Meet the Agents: CWC Session VI

HookBookCook2

Agent Highlight: Michelle Grajkowski, Danielle Egan-Miller, Elizabeth Evans, Kristyn Keene

This CWC Recap covers the thoughts of the above agents during a moderated panel, so comments varied widely.


How to Find an Agent:

  • Enter Contests. This gets your work out there, especially if it wins!
  • Go to Conferences. Pitch to as many agents as possible, or just chat with them if you see any around. Absolutely do not pester them.
  • Subscribe to Publisher’s Marketplace for ($25/mo). This, and others, cost money, but it’s a valuable resource that shows you who is acquiring what in real time. You can subscribe to one month, make a huge spreadsheet, drop your sub, and then update the sheet again in a half year.
  • Search Facebook & Twitter. Searching “agent” directly, or checking the “suggested” people on agents’ pages, usually turns up a few leads.
  • Check the Acknowledgements of your favorite (or similar) books. You can see who represented those authors!
  • Association Memberships. If you can become a member of the SFWA (for example), there will often be networks of agents you can utilize.
  • AgentQuery.com & Other Free Sites. Often these aren’t well-updated, but they’re a good place to start.

On Query Writing:

  • Include the Hook, Book, & Cook. Hook: tell us what sets it apart. Book: give the specs  and a small summary. Cook: tell us about you. For more in-depth help with this, check out my blog on query writing (written during an internship).
  • Make Comparisons to Non-Huge Works. Don’t compare to Twilight or Harry Potter, for example, because agents have seen these comparisons a billion times.
  • Only Include Writing Stuff in Your Bio. This means your Twitter, blog, or Facebook follower count (if impressive); any local events or writing groups you run or are involved in; any publications or contests wins; and maybe one perky detail.

Once You Have Interest:

  • Be Completely Transparent. Don’t lie or embellish to an agent, before or after you’ve nabbed them. Stay honest, or you will encounter big problems down the road.
  • Make Them Feel Like They Have Competition. If an agent requests a manuscript, let other agents (to whom you have submitted, but not yet heard back from) know about it. If an agent has your manuscript, but hasn’t gotten to it, and another agent requests it – let the first one know. This will light a nice fire under them!
  • Make Sure You Have the Right Match. You want someone you can get along with who will really champion you. Try asking these questions to see if you have the right agent (and editor). Dropping an agent can make it hard to get a new one later on.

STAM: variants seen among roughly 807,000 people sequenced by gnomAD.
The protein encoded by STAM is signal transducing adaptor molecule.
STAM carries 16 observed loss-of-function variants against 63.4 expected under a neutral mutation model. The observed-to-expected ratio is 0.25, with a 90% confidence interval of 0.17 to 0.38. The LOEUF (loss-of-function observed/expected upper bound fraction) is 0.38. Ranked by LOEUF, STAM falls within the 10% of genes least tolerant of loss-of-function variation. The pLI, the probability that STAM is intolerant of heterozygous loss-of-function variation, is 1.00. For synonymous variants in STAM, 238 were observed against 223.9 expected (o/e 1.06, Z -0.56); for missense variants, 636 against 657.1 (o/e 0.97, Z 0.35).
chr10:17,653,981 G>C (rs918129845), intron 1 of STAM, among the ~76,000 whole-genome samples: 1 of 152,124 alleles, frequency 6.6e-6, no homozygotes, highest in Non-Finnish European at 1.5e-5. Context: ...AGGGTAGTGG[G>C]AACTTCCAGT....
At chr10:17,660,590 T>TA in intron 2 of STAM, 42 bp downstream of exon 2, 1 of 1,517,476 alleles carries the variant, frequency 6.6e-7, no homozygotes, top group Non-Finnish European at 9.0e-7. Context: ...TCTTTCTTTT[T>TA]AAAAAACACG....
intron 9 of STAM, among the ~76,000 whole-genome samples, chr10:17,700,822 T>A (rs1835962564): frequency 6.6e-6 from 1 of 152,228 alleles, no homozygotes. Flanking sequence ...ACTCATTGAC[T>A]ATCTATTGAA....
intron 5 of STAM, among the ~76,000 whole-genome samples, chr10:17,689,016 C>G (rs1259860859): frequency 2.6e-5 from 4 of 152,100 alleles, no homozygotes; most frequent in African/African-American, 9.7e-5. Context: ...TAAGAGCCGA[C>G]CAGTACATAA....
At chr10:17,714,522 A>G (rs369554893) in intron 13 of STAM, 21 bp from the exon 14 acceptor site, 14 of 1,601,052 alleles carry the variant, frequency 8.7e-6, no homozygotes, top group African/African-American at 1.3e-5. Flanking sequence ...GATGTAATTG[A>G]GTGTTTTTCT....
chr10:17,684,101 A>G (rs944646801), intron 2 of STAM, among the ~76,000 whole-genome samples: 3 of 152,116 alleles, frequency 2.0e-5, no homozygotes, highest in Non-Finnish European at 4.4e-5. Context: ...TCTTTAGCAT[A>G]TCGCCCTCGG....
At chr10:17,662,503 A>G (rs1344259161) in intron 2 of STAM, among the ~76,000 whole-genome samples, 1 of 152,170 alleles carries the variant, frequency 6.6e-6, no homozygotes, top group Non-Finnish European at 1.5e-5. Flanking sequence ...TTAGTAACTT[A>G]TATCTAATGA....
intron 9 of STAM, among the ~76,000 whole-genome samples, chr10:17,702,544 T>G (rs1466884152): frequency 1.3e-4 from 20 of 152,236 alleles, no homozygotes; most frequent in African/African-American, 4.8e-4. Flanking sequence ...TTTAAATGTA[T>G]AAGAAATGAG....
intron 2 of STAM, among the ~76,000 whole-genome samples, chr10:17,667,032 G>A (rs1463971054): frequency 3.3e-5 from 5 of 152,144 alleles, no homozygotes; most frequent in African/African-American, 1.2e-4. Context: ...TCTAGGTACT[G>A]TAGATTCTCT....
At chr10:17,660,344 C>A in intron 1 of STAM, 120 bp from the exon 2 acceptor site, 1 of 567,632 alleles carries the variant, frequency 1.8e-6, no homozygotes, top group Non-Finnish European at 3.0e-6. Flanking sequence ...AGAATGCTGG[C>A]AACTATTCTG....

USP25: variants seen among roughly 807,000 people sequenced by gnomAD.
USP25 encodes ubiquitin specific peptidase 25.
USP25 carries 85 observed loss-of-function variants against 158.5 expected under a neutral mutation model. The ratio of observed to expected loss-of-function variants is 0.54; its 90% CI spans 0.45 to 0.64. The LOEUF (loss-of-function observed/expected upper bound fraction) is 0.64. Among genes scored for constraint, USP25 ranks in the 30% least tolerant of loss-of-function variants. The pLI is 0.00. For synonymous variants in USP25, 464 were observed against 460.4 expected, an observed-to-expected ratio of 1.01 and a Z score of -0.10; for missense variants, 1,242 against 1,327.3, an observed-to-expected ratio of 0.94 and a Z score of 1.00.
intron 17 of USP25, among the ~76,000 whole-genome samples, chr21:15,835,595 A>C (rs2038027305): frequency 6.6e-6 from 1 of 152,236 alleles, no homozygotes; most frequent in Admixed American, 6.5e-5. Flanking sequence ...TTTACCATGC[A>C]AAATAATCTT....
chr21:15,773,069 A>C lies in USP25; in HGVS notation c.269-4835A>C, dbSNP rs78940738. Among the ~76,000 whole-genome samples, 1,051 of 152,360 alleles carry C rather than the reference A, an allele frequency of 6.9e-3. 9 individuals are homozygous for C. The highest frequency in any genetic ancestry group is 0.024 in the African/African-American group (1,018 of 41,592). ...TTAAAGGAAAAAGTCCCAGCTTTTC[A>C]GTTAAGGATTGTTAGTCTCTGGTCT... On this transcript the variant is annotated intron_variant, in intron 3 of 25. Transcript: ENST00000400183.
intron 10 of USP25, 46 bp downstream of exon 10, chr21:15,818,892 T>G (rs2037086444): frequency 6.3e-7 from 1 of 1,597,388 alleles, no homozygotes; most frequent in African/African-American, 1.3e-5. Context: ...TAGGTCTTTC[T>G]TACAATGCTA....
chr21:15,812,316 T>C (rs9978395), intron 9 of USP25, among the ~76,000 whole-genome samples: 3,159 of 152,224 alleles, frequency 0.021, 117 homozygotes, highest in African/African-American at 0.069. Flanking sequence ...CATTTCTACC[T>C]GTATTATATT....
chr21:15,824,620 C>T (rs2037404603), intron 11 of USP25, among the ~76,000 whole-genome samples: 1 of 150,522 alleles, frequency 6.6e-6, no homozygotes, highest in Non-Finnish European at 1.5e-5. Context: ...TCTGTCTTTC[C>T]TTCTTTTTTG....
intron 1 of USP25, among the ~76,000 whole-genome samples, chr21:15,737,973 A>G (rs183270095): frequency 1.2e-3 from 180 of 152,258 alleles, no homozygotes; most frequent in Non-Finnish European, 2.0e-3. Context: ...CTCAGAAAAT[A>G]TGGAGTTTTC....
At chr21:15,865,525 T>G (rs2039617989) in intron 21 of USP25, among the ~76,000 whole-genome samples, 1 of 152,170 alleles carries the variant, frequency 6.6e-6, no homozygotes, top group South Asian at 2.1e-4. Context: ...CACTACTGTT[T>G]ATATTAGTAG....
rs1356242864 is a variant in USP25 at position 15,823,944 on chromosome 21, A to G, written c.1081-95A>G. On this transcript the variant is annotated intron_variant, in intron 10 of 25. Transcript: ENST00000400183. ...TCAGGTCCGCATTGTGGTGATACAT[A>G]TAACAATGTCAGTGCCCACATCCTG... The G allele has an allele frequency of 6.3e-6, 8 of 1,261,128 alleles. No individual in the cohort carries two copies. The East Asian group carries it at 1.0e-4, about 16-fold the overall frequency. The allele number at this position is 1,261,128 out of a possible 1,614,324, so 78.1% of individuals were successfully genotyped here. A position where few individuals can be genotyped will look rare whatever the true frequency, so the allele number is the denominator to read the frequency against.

To Move From Self-Published to Agented:

  • Don’t Expect a Publisher For Your Current Book. Even if you get an agent, more often than not the agent will represent your next book – not the one you have currently self-published.
  • Your Book Must Be Brand New or Have Sold More Than 15,000 Copies. If it’s brand new, it can be taken off the market and reworked; if it hasn’t sold 15k, no one likes it enough.
  • You Shouldn’t Have Tapped Out a Niche. If your audience niche is very small, and your self-published book seemed to capture all its readers, then there isn’t much room for growth. However, if can be a platform for a future, wider-ranging project.
  • You Can Have an Agent Without a Publisher. They can still help you out, even if all you do is self-publish – especially if you come across any other types of contracts, such as a film options or foreign rights.

Session I Missed: To see this session (and because of a beer-related side-trip involving a bad Uber driver), I had to miss these five sessions:

  • The Writer’s Path to Breaking Into the Film Industry
  • Break Into Newspaper and Magazine Writing
  • To MFA or Not MFA?
  • Breaking Into Live Lit: Conquer Literature’s New Frontier
  • Networking For Writers: Get on the Radar of Agents, Publishers, and Bloggers (Please message me if you have notes from this one! I was so upset to miss it!

If you went to any of those sessions, consider doing a simultaneous or guest blog to correspond with my CWC Recap!

Lessons of Submission: The Martial Arts of Hitting ‘Send’

At summer camp ages ago, I learned Judo, the “martial arts of falling,” as my instructor put it. To oversimplify, in Judo one learns to take people down – so, naturally, one must also learn to hit the ground, because everybody has to lose if they are going to learn.

As a preteen, I was astounded to learn that by hitting the ground with your hand – before your body followed – helped to arrest your momentum and control your collision in a way that kept you from experiencing pain. Falling had always been one of those infallible things to me – unstoppable once instigated, its resolution was one of scrapes and bruises. But all things, it seems, have their art.

Submitting to agents this past week was like learning Judo. I compiled each query painstakingly, tailoring them to the agents I was most excited to work with, throwing in different numbers of pages, and even writing up a bio and synopsis (who knew so many agents wanted synopses? One agent declared that they were evil, to which I agree wholeheartedly). The compilation of each query was the fall before impact, the prelude to failure – because we all know rejections are a thing.

But then, after triple-checking my subject line, the agent’s email, the spacing between my synopsis and bio – all the thoughts raging through my head, “Will this even work? Is this even worth it?” – I hit “Send” as if hitting the ground, and suddenly there is no impact. I have completed the task, and, unharmed, I move onward to the next agent in line.

I’ll just have to have my clicking hand ready for “Archive” once the rejections come rolling in 🙂